Purpose: Mortality associated with hip fracture is high in elderly patients. Surgical repair within 24 hr after admission is recommended by The Royal College of Physicians' guidelines; however, the effect of operative delay on mortality remains controversial. The objective of this study was to determine whether operative delay increases mortality in elderly patients with hip fracture.
Methods: Published English-language reports examining the effect of surgical delay on mortality in patients who underwent hip surgery were identified from electronic databases. The primary outcome was defined as all-cause mortality at 30 days and at one year. Effect sizes with corresponding 95% confidence intervals were calculated by using a DerSimonian-Laird randomeffects model.
Results: Sixteen prospective or retrospective observational studies (257,367 patients) on surgical timing and mortality in hip fracture patients were selected. When a cut-off of 48 hr from the time of admission was used to define operative delay, the odds ratio for 30-day mortality was 1.41 (95% CI = 1.29-1.54, P < 0.001), and that for one-year mortality was 1.32 (95% CI = 1.21-1.43, P < 0.001).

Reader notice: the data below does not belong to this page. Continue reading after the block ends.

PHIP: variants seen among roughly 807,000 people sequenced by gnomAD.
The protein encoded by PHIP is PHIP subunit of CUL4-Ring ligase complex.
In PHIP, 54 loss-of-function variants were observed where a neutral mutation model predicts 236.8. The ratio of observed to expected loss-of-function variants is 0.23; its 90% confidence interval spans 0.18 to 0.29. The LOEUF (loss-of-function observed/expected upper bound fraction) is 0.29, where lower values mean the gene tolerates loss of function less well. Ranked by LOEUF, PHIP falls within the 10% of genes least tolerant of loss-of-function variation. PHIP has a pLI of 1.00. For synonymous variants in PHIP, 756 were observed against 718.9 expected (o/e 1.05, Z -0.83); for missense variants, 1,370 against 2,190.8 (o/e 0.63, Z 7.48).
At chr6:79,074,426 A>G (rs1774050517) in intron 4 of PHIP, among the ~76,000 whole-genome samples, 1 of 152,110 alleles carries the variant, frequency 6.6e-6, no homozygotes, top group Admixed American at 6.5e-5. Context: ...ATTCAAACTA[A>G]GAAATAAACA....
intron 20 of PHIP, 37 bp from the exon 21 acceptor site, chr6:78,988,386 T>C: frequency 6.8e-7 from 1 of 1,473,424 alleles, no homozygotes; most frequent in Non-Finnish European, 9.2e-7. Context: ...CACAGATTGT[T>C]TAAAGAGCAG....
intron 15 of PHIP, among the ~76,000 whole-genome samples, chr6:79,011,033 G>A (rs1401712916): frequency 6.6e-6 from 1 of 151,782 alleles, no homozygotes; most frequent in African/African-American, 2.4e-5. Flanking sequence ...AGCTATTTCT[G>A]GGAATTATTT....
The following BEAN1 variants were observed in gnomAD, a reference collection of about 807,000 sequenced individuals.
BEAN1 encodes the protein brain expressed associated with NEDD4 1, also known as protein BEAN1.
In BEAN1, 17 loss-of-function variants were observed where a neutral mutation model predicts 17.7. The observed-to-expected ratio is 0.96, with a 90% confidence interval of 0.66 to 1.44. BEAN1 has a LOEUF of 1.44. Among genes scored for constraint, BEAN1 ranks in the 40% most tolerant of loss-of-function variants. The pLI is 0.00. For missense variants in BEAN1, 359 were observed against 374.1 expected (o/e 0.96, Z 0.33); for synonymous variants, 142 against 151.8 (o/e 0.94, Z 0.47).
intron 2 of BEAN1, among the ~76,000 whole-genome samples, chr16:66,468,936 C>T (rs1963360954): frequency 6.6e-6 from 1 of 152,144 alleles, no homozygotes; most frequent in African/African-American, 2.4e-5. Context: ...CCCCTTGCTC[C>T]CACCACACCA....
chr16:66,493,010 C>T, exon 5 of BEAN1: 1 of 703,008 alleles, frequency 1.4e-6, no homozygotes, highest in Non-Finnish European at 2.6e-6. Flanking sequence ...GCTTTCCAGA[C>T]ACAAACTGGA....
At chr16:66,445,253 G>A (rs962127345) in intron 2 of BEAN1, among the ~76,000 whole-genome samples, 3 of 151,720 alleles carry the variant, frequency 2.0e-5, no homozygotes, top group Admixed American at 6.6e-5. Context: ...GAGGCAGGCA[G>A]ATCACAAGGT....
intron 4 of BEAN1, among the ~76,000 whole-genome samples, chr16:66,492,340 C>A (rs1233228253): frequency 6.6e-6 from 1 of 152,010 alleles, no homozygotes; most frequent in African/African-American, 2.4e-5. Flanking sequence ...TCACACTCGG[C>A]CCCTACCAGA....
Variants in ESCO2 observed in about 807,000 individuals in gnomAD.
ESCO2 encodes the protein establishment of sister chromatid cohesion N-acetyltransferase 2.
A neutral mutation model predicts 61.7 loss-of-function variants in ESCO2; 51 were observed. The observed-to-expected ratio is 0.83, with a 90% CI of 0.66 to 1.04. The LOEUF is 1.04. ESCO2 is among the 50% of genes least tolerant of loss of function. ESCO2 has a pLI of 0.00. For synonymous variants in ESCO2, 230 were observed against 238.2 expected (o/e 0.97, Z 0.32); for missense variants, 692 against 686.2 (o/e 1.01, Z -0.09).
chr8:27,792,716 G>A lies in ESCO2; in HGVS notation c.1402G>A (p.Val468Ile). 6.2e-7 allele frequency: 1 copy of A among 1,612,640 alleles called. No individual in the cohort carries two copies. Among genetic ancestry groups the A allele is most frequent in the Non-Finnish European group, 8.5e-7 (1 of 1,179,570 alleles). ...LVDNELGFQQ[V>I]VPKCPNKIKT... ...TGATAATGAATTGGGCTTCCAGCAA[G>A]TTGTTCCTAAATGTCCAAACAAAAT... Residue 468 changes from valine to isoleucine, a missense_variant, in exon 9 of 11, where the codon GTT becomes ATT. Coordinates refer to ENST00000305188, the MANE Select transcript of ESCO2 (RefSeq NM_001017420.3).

Conclusions: In hip fracture patients, operative delay beyond 48 hr after admission may increase the odds of 30-day all-cause mortality by 41% and of one-year all-cause mortality by 32%. Potential residual confounding factors in observational studies may limit definitive conclusions. Although routine surgery within 48 hr after admission is hard to achieve in most facilities, anesthesiologists must be aware that an undue delay may be harmful to hip fracture patients, especially those at relatively low risk or those who are young.